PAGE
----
scandinavian lutheran. our church really has changed. we'd always joke -- various colors of jell-o and any green beans. now growing with latino and also african national churches. we've got a lot of different flavors in our potlucks now. >> what's the greatest challenge for your church as you take over? >> i think -- i won't be taking over, god's in charge, so that's one comfort to me. our challenge with any other christian domination in this country is we're becoming an increasingly secular society in the united states. >> and talk about that secularism and how that's impacting society and also impacting your own church. >> well, i think pretty clearly in the '50s the entire christian movement had a privileged place in our society. stores were closed on sunday and no kids were playing soccer games on sundays. i don't think people were playing soccer in america then. that's not the case now. so we can't count on that
cultural accept. to have people coming, flocking to our churches. however, the roman empire was not giving christians off and they managed to be good missionaries. we're going to have to become missionaries again. >> this is thomas roberts. i wanted to ask you, why this is certainly -- as you say, god is in charge, but you are going to be at the helm for those of the lutheran faith. explain what that means to you from where you come from personally but also to how you are an example of a woman in leadership in religion and there aren't many of them as we look across at all the different religions we have. >> well, actually, women have been in leadership in religion since the beginning of the christian movement. maybe just not so publicly in that. my mother was an informative influence on me as were all the women and all of the women of the elca groups doing sewing circles. it just wasn't this public and noticeable. i'm looking forward to the day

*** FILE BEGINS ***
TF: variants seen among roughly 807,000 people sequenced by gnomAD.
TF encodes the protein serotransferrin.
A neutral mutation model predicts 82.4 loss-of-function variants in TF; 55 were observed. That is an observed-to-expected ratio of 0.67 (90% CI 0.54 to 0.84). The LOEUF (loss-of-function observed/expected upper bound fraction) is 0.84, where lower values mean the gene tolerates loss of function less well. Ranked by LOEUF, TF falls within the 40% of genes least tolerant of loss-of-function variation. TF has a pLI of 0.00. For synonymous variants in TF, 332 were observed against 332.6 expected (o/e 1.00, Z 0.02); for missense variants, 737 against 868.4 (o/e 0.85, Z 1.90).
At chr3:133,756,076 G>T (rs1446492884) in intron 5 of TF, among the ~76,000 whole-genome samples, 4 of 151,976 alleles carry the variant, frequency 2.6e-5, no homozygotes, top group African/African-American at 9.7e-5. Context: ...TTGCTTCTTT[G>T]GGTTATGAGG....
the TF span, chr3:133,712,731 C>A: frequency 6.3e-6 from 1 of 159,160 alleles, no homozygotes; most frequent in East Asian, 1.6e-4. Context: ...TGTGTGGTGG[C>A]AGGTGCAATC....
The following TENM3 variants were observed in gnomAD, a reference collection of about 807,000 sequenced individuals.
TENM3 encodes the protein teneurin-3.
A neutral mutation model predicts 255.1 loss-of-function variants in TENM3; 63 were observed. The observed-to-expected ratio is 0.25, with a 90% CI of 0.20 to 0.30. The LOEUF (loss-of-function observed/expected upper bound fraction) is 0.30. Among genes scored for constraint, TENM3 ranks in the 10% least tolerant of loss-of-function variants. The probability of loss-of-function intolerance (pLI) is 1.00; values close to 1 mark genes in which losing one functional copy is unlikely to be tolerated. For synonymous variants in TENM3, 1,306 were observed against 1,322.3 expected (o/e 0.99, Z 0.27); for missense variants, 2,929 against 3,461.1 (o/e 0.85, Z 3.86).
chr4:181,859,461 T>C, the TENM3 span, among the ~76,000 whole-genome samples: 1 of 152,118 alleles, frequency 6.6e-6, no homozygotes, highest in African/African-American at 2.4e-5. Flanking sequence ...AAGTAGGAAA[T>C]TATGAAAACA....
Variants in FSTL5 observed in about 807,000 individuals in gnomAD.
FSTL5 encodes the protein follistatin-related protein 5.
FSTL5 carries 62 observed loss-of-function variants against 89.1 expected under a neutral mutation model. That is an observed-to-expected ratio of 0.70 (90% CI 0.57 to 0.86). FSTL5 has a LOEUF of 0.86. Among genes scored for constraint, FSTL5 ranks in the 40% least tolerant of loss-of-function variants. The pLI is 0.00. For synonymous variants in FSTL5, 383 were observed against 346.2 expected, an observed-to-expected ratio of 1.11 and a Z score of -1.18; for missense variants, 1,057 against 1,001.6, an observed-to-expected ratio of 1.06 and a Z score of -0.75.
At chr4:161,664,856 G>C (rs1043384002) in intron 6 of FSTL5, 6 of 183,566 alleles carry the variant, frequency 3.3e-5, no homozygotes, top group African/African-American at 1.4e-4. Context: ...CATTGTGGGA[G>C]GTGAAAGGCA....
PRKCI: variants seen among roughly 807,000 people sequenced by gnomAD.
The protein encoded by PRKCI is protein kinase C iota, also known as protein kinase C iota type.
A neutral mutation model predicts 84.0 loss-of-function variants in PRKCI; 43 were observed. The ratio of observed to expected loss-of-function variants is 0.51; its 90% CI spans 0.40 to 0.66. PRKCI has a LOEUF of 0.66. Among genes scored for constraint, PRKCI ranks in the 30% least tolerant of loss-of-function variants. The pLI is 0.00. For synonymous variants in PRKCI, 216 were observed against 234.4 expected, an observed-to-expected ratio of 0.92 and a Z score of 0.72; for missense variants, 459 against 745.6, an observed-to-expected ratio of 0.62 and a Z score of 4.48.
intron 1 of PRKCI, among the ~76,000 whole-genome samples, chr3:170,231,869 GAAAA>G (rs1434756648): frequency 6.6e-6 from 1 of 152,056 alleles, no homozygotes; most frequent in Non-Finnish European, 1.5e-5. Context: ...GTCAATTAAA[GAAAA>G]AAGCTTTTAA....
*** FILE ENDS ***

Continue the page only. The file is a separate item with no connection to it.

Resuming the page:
when the first woman anything is no longer a news story. but having said that, i'm deeply grateful for this opportunity to serve in this way. and i really do hope to be a voice for the good news of the gospel. this business about grace, that we're loved and deeply cared for by a god who love us. and because of that, that sets us free to love the world and be in service to the world. >> by the way, thomas, women have been running the southern baptist church for centuries. we just don't admit it. >> that's exactly right. >> women run every church. it's just whether the church wants to admit it or not. >> every household too. >> i learned that from my mom and my grand mom. >> any reference to have cross denominational, so there can be some kind of focus across denominations on social issues, politics, so forth? >> well, our denomination has